1. Data mining
Data is the bread and butter of social media platforms. They do everything based on your information – tailor their services, serve ads, analyze the market, build business models, etc. Some data you’ve given to them is personal, like your name, email addresses, date of birth, or where you live. But other kinds of data, like your likes and dislikes, photos, and posts, can paint a picture of who you really are too. This type of data is a gold mine for social media platforms. So this is where data mining comes in.
Once you willingly give away data by agreeing to their Terms and Conditions, it belongs to them. They can do almost whatever they please with it. They can:
- Use this data to create an accurate user profile and serve you targeted ads
- Share data with their partners
- Sell data to third parties
- Transfer your data to different countries where privacy laws might be more lenient
- Use your photos or other types of data in their campaigns
- Influence your opinion based on your likes and dislikes (this happened in the Cambridge Analytica scandal)
2. Privacy setting loopholes
Data privacy is an important issue. Most social media companies amended their privacy policies in response to stricter privacy laws and regulations in Europe. They now allow you to tweak your settings and make your accounts more private. However, changing your privacy settings doesn’t always guarantee privacy. How?
Most of the time, something you shared with a closed group of friends gives them the ability to share it with others. Your friend’s friends can then see the content you posted, which might not be your intention. Your friends might not even have stringent privacy policies, meaning that others can now access information that was supposed to stay within your friends’ circle.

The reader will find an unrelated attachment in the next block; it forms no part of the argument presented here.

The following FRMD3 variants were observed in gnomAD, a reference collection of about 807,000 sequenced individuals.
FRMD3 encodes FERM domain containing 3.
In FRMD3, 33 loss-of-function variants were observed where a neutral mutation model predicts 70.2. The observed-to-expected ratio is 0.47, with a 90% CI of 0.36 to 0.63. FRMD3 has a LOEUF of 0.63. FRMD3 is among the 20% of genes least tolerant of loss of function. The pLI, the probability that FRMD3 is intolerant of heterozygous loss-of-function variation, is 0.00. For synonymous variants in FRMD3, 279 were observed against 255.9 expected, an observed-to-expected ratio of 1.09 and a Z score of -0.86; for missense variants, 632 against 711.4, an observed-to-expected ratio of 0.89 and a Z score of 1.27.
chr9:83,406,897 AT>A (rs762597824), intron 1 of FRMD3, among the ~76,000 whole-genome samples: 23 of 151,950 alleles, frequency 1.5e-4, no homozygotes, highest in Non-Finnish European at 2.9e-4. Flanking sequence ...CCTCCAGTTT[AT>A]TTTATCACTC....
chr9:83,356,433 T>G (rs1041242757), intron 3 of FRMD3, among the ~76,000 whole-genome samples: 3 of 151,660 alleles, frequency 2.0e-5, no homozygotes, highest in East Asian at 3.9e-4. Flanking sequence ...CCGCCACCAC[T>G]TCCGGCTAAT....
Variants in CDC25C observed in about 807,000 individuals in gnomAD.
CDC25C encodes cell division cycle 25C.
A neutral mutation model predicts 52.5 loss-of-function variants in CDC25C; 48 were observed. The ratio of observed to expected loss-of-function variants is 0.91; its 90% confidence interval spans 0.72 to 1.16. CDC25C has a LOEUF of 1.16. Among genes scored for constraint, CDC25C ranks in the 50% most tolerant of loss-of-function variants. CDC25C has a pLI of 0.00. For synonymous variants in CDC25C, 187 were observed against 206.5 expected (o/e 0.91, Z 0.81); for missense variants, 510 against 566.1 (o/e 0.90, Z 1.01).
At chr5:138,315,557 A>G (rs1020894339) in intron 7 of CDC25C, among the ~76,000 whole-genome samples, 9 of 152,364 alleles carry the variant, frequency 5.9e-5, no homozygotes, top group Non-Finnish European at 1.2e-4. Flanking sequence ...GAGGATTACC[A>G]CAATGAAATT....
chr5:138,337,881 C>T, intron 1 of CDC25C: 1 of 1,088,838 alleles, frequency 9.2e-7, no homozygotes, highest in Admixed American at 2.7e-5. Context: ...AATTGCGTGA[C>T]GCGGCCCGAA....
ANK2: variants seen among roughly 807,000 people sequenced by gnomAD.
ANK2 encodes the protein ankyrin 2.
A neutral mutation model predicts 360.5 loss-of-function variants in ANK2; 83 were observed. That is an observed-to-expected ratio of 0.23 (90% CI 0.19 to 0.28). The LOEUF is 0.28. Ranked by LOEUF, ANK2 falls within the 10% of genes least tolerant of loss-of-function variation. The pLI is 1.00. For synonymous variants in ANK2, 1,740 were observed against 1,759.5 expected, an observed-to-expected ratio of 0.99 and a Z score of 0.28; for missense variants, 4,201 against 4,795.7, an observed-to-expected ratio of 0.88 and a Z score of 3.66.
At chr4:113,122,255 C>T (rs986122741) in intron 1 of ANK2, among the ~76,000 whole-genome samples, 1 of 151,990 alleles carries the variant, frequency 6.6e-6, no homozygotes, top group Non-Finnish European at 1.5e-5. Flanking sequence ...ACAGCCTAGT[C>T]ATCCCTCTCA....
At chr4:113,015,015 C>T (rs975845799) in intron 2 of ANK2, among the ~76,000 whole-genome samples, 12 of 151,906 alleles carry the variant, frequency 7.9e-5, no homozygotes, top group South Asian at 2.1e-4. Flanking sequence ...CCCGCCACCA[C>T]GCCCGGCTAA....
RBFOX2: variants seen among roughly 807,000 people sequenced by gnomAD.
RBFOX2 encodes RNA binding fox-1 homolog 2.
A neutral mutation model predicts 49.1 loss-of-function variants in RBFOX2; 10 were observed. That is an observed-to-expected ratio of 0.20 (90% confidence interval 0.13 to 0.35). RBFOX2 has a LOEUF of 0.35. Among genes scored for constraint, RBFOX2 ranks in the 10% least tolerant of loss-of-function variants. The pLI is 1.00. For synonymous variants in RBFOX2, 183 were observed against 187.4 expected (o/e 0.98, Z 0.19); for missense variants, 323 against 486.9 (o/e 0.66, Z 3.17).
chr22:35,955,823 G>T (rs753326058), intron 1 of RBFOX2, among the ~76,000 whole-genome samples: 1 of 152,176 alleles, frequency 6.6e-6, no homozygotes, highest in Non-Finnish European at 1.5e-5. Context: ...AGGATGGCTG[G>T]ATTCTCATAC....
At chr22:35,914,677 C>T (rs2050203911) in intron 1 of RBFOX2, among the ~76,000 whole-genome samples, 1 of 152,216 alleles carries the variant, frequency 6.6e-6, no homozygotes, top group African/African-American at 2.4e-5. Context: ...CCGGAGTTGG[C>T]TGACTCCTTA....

The same applies to closed social groups and forums. Sky News has previously found that comments and user lists in private health groups on Facebook could be easily searchable and discoverable by insurance companies and employers. So think twice before posting or commenting about controversial issues. That information could ruin your reputation or lead to identity theft.
3. Location settings
Pay attention to location settings when you use social media sites and apps. Some might be tracking your whereabouts even when you told them not to like Google was caught doing last year. Your location might not seem like a very valuable piece of data. However, when paired with your other personal information, it could help to create an even more accurate user profile.
Real-life thieves and stalkers could also use location data. Imagine if a criminal knew where you are at all times. They could easily break into your house when you weren’t there or follow you home.
Social media accounts are an excellent target for hackers for many reasons. For example, they can:
- Gather information from your social media profiles and use it to break into your accounts. Posting photos of your dog and then using his name as a password is one of many easy tricks
- Gain a better understanding of who you are and use social engineering attacks such as phishing or pretexting
- Spread malware and viruses through your accounts. Once they’re in, they can send messages to your friends with a link that hides malware. Such phishing techniques tend to be much more effective compared to email phishing as people trust messages that come from their friends.
- Use your information to impersonate you or even steal your identity
5. Harassment, cyberbullying, and impersonation